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Back Street (1941)/Back Street (1961) Double Feature (1941)

Susan Hayward , Margaret Sullavan , David Miller , Robert Stevenson  |  DVD
4.8 out of 5 stars  See all reviews (9 customer reviews)

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Product Details

  • Actors: Susan Hayward, Margaret Sullavan, Charles Boyer, John Gavin, Richard Carlson
  • Directors: David Miller, Robert Stevenson
  • Producers: Ross Hunter
  • Format: Color, Black & White, DVD-ROM, Full Screen, Widescreen
  • Region: Region 1 (U.S. and Canada only. Read more about DVD formats.)
  • Number of discs: 2
  • Studio: Universal Studios Home Entertainment
  • Run Time: 196 minutes
  • Average Customer Review: 4.8 out of 5 stars  See all reviews (9 customer reviews)
  • ASIN: B005N7Z7Y4
  • Amazon Best Sellers Rank: #275,962 in Movies & TV (See Top 100 in Movies & TV)

Editorial Reviews

Fannie Hurst's novel becomes a pair of classic melodramas in this twin bill. First, Charles Boyer and Margaret Sullavan are the star-crossed lovers in 1941's Back Street. Reunited in New York City years after their marriage plans were sabotaged, Sullavan discovers that Boyer is now wed to another. Desperate to remain a part of his life, she agrees to become his mistress. With Richard Carlson, Tim Holt, Frank McHugh. Then, producer Ross Hunter's 1961 filming of Back Street stars Susan Hayward (in a career-defining role) as a woman who meets and falls for a handsome Marine (John Gavin) returning home from World War II. Fate brings them back together when Hayward moves to the Big Apple to start a fashion design career, but upon learning that Gavin now has a wife and child, she must stay in the shadows and is forced to accept her role as his mistress. Co-stars Vera Miles, Charles Drake, Virginia Grey. 196 min. total. Standard/Widescreen (Enhanced); Soundtrack: English Dolby Digital mono.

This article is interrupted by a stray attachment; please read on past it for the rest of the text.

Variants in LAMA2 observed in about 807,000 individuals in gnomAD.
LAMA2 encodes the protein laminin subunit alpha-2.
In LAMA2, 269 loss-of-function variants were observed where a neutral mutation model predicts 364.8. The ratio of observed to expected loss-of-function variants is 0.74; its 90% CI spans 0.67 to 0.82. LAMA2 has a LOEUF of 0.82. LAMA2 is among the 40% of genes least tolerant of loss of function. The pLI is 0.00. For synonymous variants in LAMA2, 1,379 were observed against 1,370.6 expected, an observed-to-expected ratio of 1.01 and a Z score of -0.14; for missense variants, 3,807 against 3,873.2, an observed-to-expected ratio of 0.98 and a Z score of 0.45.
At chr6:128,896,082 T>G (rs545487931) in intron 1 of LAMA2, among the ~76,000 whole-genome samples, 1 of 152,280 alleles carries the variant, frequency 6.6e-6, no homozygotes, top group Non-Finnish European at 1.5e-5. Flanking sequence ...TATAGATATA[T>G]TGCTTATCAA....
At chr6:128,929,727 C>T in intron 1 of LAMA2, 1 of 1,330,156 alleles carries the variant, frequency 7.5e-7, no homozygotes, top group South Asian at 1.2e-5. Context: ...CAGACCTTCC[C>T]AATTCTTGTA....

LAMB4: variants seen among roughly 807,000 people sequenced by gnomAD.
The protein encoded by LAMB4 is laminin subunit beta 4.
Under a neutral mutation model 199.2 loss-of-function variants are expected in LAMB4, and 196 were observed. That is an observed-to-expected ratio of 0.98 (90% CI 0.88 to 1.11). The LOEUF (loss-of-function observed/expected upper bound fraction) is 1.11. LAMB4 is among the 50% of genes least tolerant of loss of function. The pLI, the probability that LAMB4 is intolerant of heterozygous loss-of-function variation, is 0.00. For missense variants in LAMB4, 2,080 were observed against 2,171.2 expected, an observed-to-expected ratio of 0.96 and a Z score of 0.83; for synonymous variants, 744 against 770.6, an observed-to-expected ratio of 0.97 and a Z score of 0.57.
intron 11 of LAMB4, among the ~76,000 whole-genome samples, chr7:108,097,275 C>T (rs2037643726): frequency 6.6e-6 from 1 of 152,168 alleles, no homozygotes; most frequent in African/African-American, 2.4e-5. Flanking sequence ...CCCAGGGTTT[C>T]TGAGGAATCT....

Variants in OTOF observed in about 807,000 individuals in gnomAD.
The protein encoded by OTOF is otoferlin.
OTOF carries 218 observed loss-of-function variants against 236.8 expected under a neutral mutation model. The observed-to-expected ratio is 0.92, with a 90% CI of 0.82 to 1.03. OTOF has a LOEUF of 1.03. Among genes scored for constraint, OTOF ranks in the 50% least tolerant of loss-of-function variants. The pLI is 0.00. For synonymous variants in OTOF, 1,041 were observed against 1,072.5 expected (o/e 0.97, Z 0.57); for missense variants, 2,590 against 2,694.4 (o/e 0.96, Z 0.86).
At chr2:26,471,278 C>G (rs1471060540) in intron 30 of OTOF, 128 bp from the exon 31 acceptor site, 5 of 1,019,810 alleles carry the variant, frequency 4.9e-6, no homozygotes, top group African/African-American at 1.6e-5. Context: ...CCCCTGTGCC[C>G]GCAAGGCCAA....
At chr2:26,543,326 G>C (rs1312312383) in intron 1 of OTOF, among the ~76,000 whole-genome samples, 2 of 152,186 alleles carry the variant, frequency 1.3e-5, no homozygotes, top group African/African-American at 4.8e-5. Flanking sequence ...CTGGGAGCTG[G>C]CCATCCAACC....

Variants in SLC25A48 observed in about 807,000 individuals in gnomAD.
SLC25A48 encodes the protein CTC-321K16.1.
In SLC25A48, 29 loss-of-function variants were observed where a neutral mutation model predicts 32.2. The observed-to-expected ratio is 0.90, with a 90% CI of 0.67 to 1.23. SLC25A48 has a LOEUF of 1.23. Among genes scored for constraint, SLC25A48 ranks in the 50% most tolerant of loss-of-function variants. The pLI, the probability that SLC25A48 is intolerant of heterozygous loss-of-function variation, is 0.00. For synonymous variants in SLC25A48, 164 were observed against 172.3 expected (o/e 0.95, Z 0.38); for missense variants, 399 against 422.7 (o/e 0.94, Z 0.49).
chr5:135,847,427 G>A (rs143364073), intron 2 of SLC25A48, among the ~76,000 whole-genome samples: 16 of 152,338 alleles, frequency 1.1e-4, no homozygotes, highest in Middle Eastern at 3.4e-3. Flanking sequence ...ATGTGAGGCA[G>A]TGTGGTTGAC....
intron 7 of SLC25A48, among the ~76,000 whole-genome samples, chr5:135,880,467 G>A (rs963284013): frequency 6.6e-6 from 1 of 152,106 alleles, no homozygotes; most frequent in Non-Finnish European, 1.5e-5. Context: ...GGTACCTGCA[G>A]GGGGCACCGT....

Customer Reviews

Most Helpful Customer Reviews
14 of 16 people found the following review helpful
5.0 out of 5 stars Back Street finally makes it to DVD! November 6, 2011
By Dave
"Back Street" (1961) starring Susan Hayward was pretty much the last VHS I owned that I couldn't get rid of yet because it hadn't made it to DVD yet. With Blu-ray out now, I figured it was a lost cause to think that Universal would ever release it on disc. I was pleasantly surprised to find that not only is it now available from TCM (Turner Classic Movies), but it was packaged as a set with the earlier version (1941) starring Charles Boyer and Margaret Sullavan. First I had to watch my favorite--the glossy Technicolor version that pulled out all the stops to make it one of the biggest melodramas of all time. The transfer looks virtually pristine; rich Technicolor, no flaws that I can see, and solid audio that shows off the heart-tugging score by Frank Skinner (who also did the score for the 1941 version). I was even more pleasantly surprised to find out that both versions have a nice selection of extras; you can scan through the vintage publicity stills and lobby cards for each movie. Definitely more than I bargained for. The 1941 version does not look as good; shot in black and white, it has plenty of scratches, but definitely watchable. After having been able to watch both, I can say that I still am biased towards the 1961 version, which took a number of liberties with the storyline, originally based on a Fannie Hurst novel.